The Trump-Netanyahu conversation marked what some Israeli officials hope will be the start of reset in ties with the US after years of strained relations with the Obama administration. The language used in the White House’s account of the conversation underlined the shift.
The two leaders discussed ways to “advance and strengthen the US-Israel special relationship” and to boost security and stability in the region, the White House said. Trump stressed “the importance the United States places on our close military, intelligence and security cooperation with Israel, which reflects the deep and abiding partnership between our countries.”
The two agreed to “closely consult on a range of regional issues, including addressing the threats posed by Iran,” the White House said. The pledge of close consultation, and the active reference to addressing the Iranian threat, contrasted sharply with President Barack Obama’s friction-filled dealings with Netanyahu on the Iran issue; the nuclear deal the last president negotiated with Iran in 2015 was bitterly attacked by the Israeli prime minister.
Trump also “affirmed his unprecedented commitment to Israel’s security” and stressed that he was making a priority of countering Islamic State and “other radical Islamic terrorist groups” — again, language highlighting the shift from Obama, who steered clear of references to Islamist terror.
Finally, the new president stressed that Israeli-Palestinian peace “can only be negotiated directly between the two parties, and that the United States will work closely with Israel to make progress towards that goal.” Here, too, the language was clearly intended to show a distinction from the previous administration, which on December 23, 2016 abstained in a UN Security Council Resolution that condemned Israeli settlements in the West Bank as illegal and branded East Jerusalem occupied territory. Obama’s failure to veto the resolution was castigated by Netanyahu as a shameful “ambush.”
According to Netanyahu’s office, the conversation with Trump was “very warm,” and the two leaders discussed the Iran deal, the peace process, and “other issues.”
“The prime minister expressed his desire to work closely with President Trump to forge a common vision to advance peace and security in the region, with no daylight between the United States and Israel,” the Israeli statement said.
A final date for Netanyahu’s visit will be set in the coming days, the statement said.
In Washington, Trump told reporters his phone conversation Sunday evening with Netanyahu “was very nice.”
Pressed by reporters after a swearing-in ceremony for his top aides, Trump refused to discuss the contents of the conversation between the two leaders, according to Reuters.
Earlier, Netanyahu told a cabinet meeting there was plenty for the two leaders to discuss.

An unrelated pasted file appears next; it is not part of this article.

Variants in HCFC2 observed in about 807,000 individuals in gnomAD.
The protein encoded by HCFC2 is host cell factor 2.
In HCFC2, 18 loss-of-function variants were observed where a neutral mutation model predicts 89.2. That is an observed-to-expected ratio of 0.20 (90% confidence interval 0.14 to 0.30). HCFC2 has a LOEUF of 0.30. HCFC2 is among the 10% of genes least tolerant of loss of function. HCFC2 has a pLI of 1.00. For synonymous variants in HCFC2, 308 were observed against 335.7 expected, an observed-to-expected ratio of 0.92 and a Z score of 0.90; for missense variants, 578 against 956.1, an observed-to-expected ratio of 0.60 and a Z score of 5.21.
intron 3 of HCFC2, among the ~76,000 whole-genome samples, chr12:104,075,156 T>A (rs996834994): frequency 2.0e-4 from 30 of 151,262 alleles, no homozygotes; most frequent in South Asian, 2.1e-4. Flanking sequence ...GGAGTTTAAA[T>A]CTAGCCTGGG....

“There are many issues between us, including the Israeli-Palestinian issue, the situation in Syria and the Iranian threat,” he said.
On Saturday night, Netanyahu released a video addressed to the Iranian people in which he vowed that aggression by Tehran would top his list of priorities during his first contacts with Trump.
“I plan to speak soon with President Trump about how to counter the threat of the Iranian regime, which calls for Israel’s destruction,” Netanyahu said in the video, speaking in English with Persian subtitles.
Netanyahu had also been expected to discuss Trump’s campaign pledge to move the US Embassy from Tel Aviv to Jerusalem.
Less than an hour before the phone call, White House Press Secretary Sean Spicer released a statement that the administration was “at the very beginning stages of even discussing” the embassy move.
Though the statement seemed to counter reports that the controversial move would be announced in the coming days, it was hailed by some in Israel as a sign that the US was on its way to full recognition of Jerusalem as the country’s capital.
Earlier in the day, Netanyahu convinced his cabinet to delay voting on a controversial bill to extend Israeli authority to the settlement of Ma’ale Adumim until after he had met with Trump. Netanyahu told his ministers that he didn’t want to blindside the US administration with any unilateral action.
At the swearing-in ceremony for his top advisers, Trump spoke briefly, but did not mention his conversation with Netanyahu minutes earlier. Instead, he spoke of his conversations with Georgia Governor Nathan Deal, in which he offered his condolences for the casualties of the severe weather there and offered help.
Trump also told those assembled that he would shortly be meeting with UK Prime Minister Theresa May, Canadian Prime Minister Justin Trudeau, and Mexican President Enrique Peña Nieto.

Agencies contributed to this report.
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Policeman wounded in Northern Ireland shooting

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Policeman wounded in Northern Ireland shooting

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BELFAST (Reuters) - A policeman was wounded in a shooting at a petrol station in north Belfast on Sunday evening, the police service of Northern Ireland said in a Twitter post.

From IS to government control, Syrians left with few choices

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SAFIRA, Syria (AP) -- Carrying her four-year-old son, Elham Saleh walked all night behind a smuggler, navigating land mines through Islamic State group- and rebel-held territory in northern Syria....

Mideast expects big changes under Trump